Effect of time in culture on the suitability of two novel-association pyralid hosts for Cotesia sesamiae (Hymenoptera: Braconidae) development

Marianne Alleyne, Robert N. Wiedenmann

Research output: Contribution to journalArticlepeer-review

Abstract

The suitability of two New World pyralids Diatraea saccharalis and D. grandiosella for development of a South African population of the Old World braconid Cotesia sesamiae was studied for over 30 generations. These host-parasitoid combinations are novel associations. The C. sesamiae population was collected from Busseola fusca, reared for four generations on the novel host Chilo partellus, and for one generation in quarantine on another novel host D. saccharalis. Subsequent parasitoid generations were used for experiments. D. saccharalis was completely suitable, whereas D. grandiosella was only a marginally suitable host. Total numbers of parasitoid progeny that emerged from D. saccharalis increased over the first 13 generations, then declined by the 30th generation. Development time for C. sesamiae from egg to cocoon formation averaged 14.5-16.0 days and did not vary over time. D. grandiosella often encapsulated the parasitoid progeny, which did not decrease after rearing for multiple generations on Diatraea. Results suggest that before releasing a novel-association parasitoid into the field, there may be a benefit of rearing a parasitoid species on the target pest first; however, this benefit may be transient.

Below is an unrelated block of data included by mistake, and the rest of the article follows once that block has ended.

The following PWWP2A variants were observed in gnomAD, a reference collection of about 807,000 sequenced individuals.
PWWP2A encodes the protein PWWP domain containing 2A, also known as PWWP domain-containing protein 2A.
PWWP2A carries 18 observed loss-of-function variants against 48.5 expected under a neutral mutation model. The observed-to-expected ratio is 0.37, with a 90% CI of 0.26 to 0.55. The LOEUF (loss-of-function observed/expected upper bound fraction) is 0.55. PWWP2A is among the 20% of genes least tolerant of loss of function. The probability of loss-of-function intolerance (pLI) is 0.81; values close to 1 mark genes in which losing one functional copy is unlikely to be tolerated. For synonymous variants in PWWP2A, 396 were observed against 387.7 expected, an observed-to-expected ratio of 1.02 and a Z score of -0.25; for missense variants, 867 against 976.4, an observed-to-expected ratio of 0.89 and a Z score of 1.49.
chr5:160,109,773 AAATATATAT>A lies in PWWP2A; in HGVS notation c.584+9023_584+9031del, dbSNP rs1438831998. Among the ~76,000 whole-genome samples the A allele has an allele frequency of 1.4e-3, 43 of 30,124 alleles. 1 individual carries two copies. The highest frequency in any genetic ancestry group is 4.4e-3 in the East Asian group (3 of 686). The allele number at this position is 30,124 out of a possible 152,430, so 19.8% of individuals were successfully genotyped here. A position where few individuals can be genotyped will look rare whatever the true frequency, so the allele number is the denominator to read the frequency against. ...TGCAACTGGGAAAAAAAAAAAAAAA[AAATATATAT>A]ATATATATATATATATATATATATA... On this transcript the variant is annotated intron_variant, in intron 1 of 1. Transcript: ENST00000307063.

Original languageEnglish (US)
Pages (from-to)116-122
Number of pages7
JournalBiological Control
Volume25
Issue number2
DOIs
StatePublished - Jan 1 2002
Externally publishedYes

Keywords

  • Braconidae
  • Cotesia
  • Diatraea
  • Encapsulation
  • Host suitability
  • Novel associations
  • Parasitoid
  • Pyralidae

ASJC Scopus subject areas

  • Agronomy and Crop Science
  • Insect Science

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